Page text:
On the policy side, Vicki Arroyo, a law professor and executive director of the Georgetown Climate Center, recommended the Environmental Protection Network, which defends against budget cuts and regulatory rollbacks that could harm public health and the environment.

This is just a sampling of environmental organizations, of course, and you shouldn’t be afraid to forge your own path.

If you go it alone, ClimateWorks Foundation, which helps large foundations “tackle climate change on a global scale,” suggested first pinpointing the impact area (for instance, transportation or renewables), the approach (like mobilization or innovation) and the geographic location that interest you. Once you’ve found organizations that check those boxes, you can assess their backgrounds using tools like Charity Navigator and GuideStar.


You could also look through the recipients of grants from a reputable foundation. Since big foundations are experienced at recognizing the strengths and weaknesses of nonprofits, and since most perform due diligence before awarding funds, their grantee lists can also serve as road maps for individual donors.

Vanessa Nakate, left, in Davos, Switzerland, last week.  She was initially cropped out of the photo.  Markus Schreiber/Associated Press

By Shola Lawal

Young people are at the forefront of climate activism. But the most prominent young people challenging world leaders and corporations are often from the West. We hear and see much less about climate activists from Africa.

That’s why an episode at the World Economic Forum last week in Davos, Switzerland, stung for many Africans. The Associated Press published a photo of youth activists at the meeting. But editors at the agency cropped out Vanessa Nakate, an activist from Uganda. She was the only person of color in the group. The symbolism was not good.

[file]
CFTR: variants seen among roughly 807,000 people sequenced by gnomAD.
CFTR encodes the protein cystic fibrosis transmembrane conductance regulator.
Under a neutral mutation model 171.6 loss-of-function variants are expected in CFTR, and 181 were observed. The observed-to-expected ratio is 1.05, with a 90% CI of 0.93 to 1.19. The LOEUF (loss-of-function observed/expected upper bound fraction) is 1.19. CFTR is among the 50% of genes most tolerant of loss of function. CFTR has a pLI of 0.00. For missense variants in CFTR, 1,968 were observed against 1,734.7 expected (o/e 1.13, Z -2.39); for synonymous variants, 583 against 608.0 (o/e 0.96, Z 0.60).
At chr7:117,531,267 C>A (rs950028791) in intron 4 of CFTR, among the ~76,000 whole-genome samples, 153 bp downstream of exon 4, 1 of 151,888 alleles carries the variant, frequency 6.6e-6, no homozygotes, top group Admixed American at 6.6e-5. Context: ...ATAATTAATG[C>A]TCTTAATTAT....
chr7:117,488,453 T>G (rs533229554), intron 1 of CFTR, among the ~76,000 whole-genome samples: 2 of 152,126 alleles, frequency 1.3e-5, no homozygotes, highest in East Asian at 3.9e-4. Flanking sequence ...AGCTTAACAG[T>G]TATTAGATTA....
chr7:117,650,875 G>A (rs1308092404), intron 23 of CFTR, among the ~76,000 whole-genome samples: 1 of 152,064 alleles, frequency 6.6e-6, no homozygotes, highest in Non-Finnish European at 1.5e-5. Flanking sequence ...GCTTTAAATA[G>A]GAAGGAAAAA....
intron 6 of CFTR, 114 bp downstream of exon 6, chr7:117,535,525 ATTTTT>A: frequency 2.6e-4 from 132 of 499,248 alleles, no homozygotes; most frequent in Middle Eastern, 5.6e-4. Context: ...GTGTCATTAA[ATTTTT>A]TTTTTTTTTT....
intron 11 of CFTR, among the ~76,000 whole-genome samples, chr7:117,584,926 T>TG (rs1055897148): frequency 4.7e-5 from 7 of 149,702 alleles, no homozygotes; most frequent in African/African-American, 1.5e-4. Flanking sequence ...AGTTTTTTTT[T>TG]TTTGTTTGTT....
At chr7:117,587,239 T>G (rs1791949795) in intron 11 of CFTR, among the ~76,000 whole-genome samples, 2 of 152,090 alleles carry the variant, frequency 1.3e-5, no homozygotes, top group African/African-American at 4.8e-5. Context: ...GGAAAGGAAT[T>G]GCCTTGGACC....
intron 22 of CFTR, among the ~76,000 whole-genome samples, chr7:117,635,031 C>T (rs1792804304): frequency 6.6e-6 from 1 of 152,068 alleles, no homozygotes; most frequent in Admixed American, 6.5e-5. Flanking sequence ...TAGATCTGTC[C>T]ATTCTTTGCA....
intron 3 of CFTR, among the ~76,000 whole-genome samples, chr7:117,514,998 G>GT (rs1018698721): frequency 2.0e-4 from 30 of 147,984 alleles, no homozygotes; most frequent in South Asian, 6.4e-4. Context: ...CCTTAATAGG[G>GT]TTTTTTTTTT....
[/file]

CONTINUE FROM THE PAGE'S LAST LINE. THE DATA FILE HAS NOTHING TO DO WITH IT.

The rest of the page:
“It was, like, the hardest thing,” she said in a video on her Twitter feed. “What really hurt me the most is that I was just thinking about the people from my country, and the people from Africa, and how much I’ve seen people being affected.”

“Who is going to be able to speak for all those people?” she asked.

The A.P. ultimately replaced the cropped photo with the original version and issued an apology. The agency said a photo editor had removed Ms. Nakate because of composition problems: The building behind her was distracting, a statement said.

Africa will be hard-hit by climate change even though it is a tiny emitter of greenhouse gases. And, while many parts of the world can afford to think of climate disruptions in the future tense, many Africans are already living with them. Worse, many African countries don’t have the resources needed to deal with climate change.